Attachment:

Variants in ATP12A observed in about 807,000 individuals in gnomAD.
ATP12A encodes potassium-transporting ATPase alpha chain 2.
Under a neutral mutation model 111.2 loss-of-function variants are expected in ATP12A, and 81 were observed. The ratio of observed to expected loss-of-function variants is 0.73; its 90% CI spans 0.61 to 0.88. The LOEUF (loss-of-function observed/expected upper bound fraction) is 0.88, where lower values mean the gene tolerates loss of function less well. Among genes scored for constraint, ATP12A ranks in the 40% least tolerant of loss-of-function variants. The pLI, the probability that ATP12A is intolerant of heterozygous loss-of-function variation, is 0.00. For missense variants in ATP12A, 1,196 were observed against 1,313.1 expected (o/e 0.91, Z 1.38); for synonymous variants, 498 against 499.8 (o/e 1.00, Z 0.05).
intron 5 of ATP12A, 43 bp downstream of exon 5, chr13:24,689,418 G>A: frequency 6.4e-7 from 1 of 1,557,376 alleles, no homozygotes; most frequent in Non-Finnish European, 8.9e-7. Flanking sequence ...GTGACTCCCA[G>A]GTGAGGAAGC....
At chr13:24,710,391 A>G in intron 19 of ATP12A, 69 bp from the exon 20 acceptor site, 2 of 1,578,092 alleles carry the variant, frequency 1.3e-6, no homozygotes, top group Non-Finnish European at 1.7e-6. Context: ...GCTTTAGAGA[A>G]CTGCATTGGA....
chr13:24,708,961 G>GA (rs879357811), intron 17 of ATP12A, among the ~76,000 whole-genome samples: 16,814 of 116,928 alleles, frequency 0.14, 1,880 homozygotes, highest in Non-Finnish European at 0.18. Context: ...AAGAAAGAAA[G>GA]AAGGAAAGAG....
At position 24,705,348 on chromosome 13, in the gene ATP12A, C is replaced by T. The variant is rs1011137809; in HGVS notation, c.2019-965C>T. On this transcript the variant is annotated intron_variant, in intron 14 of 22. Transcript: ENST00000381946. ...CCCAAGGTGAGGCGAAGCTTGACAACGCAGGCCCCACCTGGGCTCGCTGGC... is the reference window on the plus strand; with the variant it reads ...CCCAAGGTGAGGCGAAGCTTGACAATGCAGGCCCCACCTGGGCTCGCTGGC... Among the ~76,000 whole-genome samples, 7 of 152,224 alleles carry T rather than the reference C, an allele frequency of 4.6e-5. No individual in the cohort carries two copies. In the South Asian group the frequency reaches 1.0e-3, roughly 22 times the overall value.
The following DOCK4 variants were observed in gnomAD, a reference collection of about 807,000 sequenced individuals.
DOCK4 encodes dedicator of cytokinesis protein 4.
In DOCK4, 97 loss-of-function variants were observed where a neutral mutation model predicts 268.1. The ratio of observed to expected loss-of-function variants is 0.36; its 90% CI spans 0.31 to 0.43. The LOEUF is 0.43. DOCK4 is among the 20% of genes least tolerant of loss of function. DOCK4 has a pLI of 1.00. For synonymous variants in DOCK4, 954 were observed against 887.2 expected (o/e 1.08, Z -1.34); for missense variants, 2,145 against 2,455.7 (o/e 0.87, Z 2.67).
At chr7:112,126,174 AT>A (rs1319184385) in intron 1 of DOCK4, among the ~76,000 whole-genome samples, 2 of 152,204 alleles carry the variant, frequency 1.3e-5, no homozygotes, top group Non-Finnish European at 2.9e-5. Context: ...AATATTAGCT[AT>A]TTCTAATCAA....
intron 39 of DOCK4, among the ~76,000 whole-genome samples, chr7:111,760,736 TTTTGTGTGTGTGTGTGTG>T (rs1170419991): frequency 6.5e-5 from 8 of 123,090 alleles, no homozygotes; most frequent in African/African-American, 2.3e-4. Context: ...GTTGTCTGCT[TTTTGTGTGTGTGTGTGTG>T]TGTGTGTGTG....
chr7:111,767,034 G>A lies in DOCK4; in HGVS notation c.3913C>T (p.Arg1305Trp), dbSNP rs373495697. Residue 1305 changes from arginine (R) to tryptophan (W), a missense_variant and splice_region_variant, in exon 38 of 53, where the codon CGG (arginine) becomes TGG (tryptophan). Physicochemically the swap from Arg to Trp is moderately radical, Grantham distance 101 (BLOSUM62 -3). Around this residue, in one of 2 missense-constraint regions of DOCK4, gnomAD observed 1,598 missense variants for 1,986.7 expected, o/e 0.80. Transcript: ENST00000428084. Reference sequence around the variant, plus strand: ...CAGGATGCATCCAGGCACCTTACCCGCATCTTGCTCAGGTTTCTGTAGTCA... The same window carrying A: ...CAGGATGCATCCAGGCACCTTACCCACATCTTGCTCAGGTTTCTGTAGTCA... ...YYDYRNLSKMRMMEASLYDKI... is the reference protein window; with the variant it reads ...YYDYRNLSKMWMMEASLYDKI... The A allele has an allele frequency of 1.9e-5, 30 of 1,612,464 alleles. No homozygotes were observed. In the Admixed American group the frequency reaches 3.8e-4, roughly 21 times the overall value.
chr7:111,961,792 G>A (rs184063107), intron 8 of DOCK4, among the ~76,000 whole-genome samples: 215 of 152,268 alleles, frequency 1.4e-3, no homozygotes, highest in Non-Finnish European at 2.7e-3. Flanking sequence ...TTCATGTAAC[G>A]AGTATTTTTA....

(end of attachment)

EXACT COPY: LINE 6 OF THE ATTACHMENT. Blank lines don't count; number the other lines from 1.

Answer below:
chr13:24,708,961 G>GA (rs879357811), intron 17 of ATP12A, among the ~76,000 whole-genome samples: 16,814 of 116,928 alleles, frequency 0.14, 1,880 homozygotes, highest in Non-Finnish European at 0.18. Context: ...AAGAAAGAAA[G>GA]AAGGAAAGAG....